A chance encounter with a ‘budding’ politician

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This is a fictive but ticklish anecdote about a chirpy little girl from California who seemed to have a sharp mind and a zest for putting it to good use.

It was 45 years ago. I was in my first year of college.

It was the carpentry shop supervisor Velayudan who suggested it in the first place. “The Adyar Banyan Tree is the biggest tree in the world,” he said, “It has been there since pre-historic times and it covers 5 acres.”

His buddies nodded in agreement, but they had a brief debate about whether the correct Tamil name was aala maram or arali maram. When I looked it up later, it was not so far from the truth, although you could quibble about the details.

On a typical sweltering Madras afternoon not soon after this discussion, I set out on my wobbly Atlas bicycle to see the famous banyan tree. It wasn’t far from our campus, but the Theosophical Society grounds were harder to find than I thought. In typical Madras fashion, everyone I asked said “just go straight”. I had almost given up in favour of a tender coconut, but the vendor pointed me to the entrance. A further kilometre or so inside the sprawling grounds and there it was.

There was only one other group there, which looked like an extended family, with an older man, some middle-aged people and two young girls. I left my bike unlocked (it would only take one blow with a stone to break that lock anyway) and walked around. The tree was big, very big. There was a sign saying it was over 400 years old (not quite pre-historic) and the oldest in the world. I figured it must have been planted about the time Babar fought the battle of Panipat. It covered about an acre — not the five that Velayudan claimed, but an acre is plenty big for a single tree. It wasn’t until I saw the giant redwoods of California years later that I was so impressed by a tree.

I sat on the stone bench, watching the other visitors. The two young girls were perhaps 10 and 6 years old. They wore identical tops and jeans. Even on that hot day, they both had more energy than me, clearly much more than their grown-up family. The older girl was clearly the boss, and the younger one seemed to accept this.

“Who are you?” The older girl asked me.

“My name is Krishna, I go to college nearby. What are you doing here?”

“My sister and I are visiting thatha. I am 11 years old, my sister is 6 years old. We live in California. Have you seen the giant redwood trees?”

“No, I have never been to California. In fact, I have never left India. But I will someday. I want to go to Chicago.”

“Chicago is not in California. My mom teaches in Berkeley. Have you heard of it? I am in grade five, my sister is in grade one. I can do multiplication. Ask me a question.”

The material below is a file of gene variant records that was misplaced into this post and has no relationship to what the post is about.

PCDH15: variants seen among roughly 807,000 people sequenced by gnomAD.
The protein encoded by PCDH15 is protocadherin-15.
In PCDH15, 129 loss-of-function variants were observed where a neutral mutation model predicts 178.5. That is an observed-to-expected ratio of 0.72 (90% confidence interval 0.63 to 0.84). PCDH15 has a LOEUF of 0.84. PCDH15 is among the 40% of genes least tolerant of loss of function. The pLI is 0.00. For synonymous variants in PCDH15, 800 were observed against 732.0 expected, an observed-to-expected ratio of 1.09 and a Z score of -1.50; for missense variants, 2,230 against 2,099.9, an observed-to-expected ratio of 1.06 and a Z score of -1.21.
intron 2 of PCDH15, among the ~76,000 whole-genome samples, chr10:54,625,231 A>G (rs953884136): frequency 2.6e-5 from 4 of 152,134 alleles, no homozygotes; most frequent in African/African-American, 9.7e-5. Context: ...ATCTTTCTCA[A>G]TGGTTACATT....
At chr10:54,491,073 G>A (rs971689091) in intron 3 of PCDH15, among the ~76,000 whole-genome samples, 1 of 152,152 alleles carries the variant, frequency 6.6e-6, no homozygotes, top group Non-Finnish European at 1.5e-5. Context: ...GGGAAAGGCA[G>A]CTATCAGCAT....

“I am sure you can. But what are you doing in Madras?”

“We came to visit Thatha. We come to Madras every year. Thatha and my chittis take us to the beach and tell us good stories. We love to walk on Marina Beach. It is the longest beach in the world. Have you seen the Gandhi statue? We like to get peanuts on the beach, but they call them groundnuts. Amma thinks it will make us sick but it doesn’t. I love eating masala dosas at Woodlands. I am going to make them myself on TV someday.” She said all this without pausing for breath.

“The way you talk, I think you are going to be a lawyer someday. And maybe a politician. I am sure you will be on TV. What do you think of the banyan tree?”

“It is like a forest,” she said. I thought that was a pretty astute remark for a 11-year-old.

“Did you know it was here when Columbus discovered America? A ghost lives in it. It likes to gobble up little girls.” The Columbus part wasn’t quite true, but I figured I could get away with it.

“Columbus discovered America in 1492. That sign says this tree is 400 years old. And we don’t believe in ghosts.”

I was not doing very well against this 11-year-old girl. I was tempted to tell her my JEE rank, this usually worked with older people. But better sense prevailed. I sat back and smiled, wondering if all American kids were this way. The stone bench was nice and cool and the shade from the banyan tree was a relief from the heat. I watched them for a few minutes, carefree and energetic. At 17, maybe I was already feeling old.

Presently, the older members of their party were ready to leave. The two girls ran after them, the older one trailing her sister.

I got back on my bike myself, thinking I should get back to campus before it was dark. Also, I was getting hungry and the hostel mess would be opening for dinner soon.

“Wait, you didn’t tell me your names,” I called after them.

“My sister’s name is Maya.”

“And yours?”

“Kamala”, she said. “My name is Kamala.”

(This is a fictionalised anecdote that may or may not have taken place in exactly the same way as narrated, or at all)

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